Even so, I know that the there is more I can do in order to see clearly and have the most positive impact.  This orientation might even be described as "De-Blagofication" in the sense of taking full responsibility for one's actions, although I do see it in a more dignified light than that term would imply.  Rather than Rod Blagojevich's constantly repeated claims that he did nothing wrong, we need to become a nation, and a world, of people considering personal integrity and not personal image and profit, as the highest value.

It is a long hill to climb, but we don't need fossil fuels to do it – we just need to put our minds in gear.  I know that the view at the top of the hill is worth the climb.

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Comment by:  PT (David Alexander) (Feb-7-2009)   Web site
Yes, I calculate my purchase use taxes when they are due to be paid, including Internet purchases.

It is true that a little dishonesty by those folks does not automatically mean they are criminals through-and-through, not at all, but if appointing someone to a prominent position, there are plenty of honest, non-cheating qualified folks for the job. If having the pinnacle of experience were important, Obama would not be in the job of president. Yes he needs good advisers -- but he admitted that he "screwed up" with those three appointments, unless you think his statement was a political ploy.

A corporation has "limited liability" in the sense that the individuals running the company are immune from prosecution due to errors made by the corporation (except in cases of personal malfeasance). It is not related to taxes, although of course there are corporate tax loopholes just as there are personal tax loopholes. I am incorporated so a dumb error I make doesn't cause my house to be lost in a lawsuit (I have never been sued anyway during 22 years in business) and it costs more for me to be incorporated than not.

I grant you, AG, that people can easily make honest or careless mistakes, and that people cut corners on forms or "chisel" at times, but Obama taking a chance by appointing a tax cheat to a federal economic post of great importance seems like a bad start if the goal is to clean up government and to change the priorities and the way things are done.
  
Comment by: auntiegrav (auntiegrav) (Feb-6-2009)   

There's "tax cheat" and there's "tax cheat". Every corporation in America is formed as a "tax cheat" method of getting out of some kind of responsibility toward the public (That's what "limited liability" means.).
Working outside of the country has its own risks, and that's why special circumstances were set up for people who are outside of the country.
Do you pay sales taxes on everything you buy on the internet?
Guess what? You're a tax cheat, too. Sales taxes are actually "sales and use" taxes that are due regardless of where you purchase something. If you travel to New Hampshire and go shopping tax free, then when you get home, you are supposed to claim and pay on those items.
In the eyes of the tax laws, everyone is a cheat somewhere.
Just because this guy is now a public figure, he gets millions of hypocritical people pointing their fingers at him. I don't forgive him, I think he should pay. I just don't think tax avoidance should be considered a crime any more than a speeding ticket is.
If the government and society really wanted to end cheating on taxes, they would come up with a better, simpler system and implement it. But they don't because the complexity allows authority to play games with people just as much as the "cheaters" play games with the government.
As a farmer, there is no possible way I am in compliance with everything. I get a new form every week from the government wanting to know something, and I consider the time to fill these out a tax on my time, so I throw them away. Everything I want to do as a farmer is basically illegal (Read Joel Salatin). I cannot in good conscience point my finger at any one person and say they shouldn't be trusted because they didn't comply with everything the government ever invented to waste time and shovel money around. If the guy was a University professor, who spent his life lying on grant forms and bilking the government out of millions of dollars to study the mating habits of feral cats (we already know they mate), he would be a hero of educational "efficiency". Instead, he saw the tax on overseas work had an "out" and he took it, eventually got caught, and then paid up.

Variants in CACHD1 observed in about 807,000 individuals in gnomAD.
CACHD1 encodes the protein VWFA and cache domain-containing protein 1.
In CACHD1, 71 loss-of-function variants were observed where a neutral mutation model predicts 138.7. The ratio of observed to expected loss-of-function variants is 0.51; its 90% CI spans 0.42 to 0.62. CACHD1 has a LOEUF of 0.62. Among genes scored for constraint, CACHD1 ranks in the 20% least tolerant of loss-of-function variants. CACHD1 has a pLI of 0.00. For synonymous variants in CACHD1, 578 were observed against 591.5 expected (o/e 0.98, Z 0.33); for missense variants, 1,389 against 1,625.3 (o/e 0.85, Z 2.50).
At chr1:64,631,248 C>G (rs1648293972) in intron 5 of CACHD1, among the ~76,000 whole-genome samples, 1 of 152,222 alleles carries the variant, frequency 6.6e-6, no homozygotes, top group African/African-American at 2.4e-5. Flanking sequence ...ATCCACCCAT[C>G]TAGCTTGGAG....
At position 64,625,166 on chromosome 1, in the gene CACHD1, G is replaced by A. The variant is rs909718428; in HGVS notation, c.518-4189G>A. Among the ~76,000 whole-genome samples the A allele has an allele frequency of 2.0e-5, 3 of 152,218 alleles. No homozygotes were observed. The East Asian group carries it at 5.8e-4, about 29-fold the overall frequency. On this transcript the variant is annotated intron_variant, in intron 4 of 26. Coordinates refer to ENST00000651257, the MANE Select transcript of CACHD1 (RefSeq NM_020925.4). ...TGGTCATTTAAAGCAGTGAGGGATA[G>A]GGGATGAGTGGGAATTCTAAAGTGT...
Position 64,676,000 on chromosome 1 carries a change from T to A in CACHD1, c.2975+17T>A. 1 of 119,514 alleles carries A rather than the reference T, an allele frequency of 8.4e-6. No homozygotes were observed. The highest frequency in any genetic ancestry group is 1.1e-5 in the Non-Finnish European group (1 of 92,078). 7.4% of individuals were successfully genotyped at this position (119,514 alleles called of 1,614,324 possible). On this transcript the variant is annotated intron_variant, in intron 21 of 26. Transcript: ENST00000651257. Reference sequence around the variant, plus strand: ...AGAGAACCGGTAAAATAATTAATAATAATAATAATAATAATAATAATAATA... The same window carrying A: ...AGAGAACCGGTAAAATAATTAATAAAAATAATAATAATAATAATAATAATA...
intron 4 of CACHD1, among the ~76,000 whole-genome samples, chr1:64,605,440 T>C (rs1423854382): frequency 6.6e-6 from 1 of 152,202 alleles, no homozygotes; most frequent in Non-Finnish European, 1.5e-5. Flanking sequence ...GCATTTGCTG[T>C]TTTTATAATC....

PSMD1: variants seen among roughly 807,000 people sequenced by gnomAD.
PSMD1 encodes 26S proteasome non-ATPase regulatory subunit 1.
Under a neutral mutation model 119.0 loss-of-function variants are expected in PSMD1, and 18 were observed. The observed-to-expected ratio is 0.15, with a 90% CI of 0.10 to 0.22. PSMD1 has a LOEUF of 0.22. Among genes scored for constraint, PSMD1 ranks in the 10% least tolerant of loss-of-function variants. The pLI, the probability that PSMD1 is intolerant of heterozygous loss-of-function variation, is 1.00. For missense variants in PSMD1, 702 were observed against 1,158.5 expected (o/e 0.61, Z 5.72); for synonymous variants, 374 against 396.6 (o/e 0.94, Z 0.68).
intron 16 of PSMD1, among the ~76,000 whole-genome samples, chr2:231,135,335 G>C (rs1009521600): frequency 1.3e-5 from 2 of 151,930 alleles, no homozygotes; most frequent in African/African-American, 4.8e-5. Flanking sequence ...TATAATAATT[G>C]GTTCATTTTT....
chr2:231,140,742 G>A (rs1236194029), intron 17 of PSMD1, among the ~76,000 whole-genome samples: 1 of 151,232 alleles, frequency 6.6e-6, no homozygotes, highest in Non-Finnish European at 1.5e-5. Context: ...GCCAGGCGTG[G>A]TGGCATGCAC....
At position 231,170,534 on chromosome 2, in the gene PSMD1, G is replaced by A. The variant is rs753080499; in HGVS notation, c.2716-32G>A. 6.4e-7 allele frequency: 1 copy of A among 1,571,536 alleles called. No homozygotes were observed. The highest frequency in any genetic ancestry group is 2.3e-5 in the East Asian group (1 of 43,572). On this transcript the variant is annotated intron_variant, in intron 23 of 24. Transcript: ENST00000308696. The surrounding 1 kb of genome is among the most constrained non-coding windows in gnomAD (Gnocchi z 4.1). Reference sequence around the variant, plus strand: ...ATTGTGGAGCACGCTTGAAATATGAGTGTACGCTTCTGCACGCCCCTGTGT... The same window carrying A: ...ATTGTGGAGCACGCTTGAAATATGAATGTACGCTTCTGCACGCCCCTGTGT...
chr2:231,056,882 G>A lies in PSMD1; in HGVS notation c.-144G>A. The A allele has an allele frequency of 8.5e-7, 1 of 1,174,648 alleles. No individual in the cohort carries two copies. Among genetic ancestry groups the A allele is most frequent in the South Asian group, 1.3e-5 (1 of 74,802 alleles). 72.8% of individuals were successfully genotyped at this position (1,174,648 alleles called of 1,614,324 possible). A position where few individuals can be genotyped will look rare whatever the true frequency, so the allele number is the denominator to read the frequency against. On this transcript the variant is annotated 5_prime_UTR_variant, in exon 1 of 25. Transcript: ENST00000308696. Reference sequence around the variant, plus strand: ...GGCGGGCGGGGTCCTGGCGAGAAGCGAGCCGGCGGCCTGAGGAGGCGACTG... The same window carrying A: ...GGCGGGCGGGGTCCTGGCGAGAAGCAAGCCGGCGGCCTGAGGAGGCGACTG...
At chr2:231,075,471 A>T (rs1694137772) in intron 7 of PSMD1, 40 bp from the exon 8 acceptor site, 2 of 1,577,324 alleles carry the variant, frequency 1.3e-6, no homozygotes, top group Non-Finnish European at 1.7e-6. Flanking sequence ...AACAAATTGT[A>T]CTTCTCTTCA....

That all said, I don't know these people personally, so I don't know if they are the best choices for the cabinet. As things are going, it won't really matter. The bailouts and other boondoggles make the assumption that the government actually HAS money, or that people will actually have any money to pay the future taxes which are being created.
Unless GORT shows up in a spaceship, I don't see where the change to a wealth-creating vs. wealth-consuming society is coming from.
  
Comment by:  PT (David Alexander) (Feb-6-2009)   Web site

IMF employees are told that they do not have income taxes withheld from their pay checks because IMF is an international organization. But the employees need to pay income taxes as if they were self-employed. It is not a question of having a good attorney so as not to pay taxes, and it is simple enough to know that one must pay them. I think they are just tax cheats, and were being given a pass because we "need" their "expertise". Fortunately two of the three resigned under public pressure, but we will see how the remaining (known) tax cheat performs.
  
Comment by: auntiegrav (auntiegrav) (Feb-5-2009)   

As for the guy working for IMF: I was in the overseas employment market at one time, and the whole point to working overseas is to avoid taxes.

There are many aspects to the paperwork and residency and "time gone" that can be interpreted in different ways. Guenther (sp?)'s case appears to be one where he could contest it, but chose to just pay what they told him and then paid again even the amount he didn't really have to pay if he had a good tax attorney.

Just one more reason to get rid of income taxes altogether. They don't work and they create paranoia.
  
Comment by: linda (Linda Rembowski) (Feb-4-2009)   Web site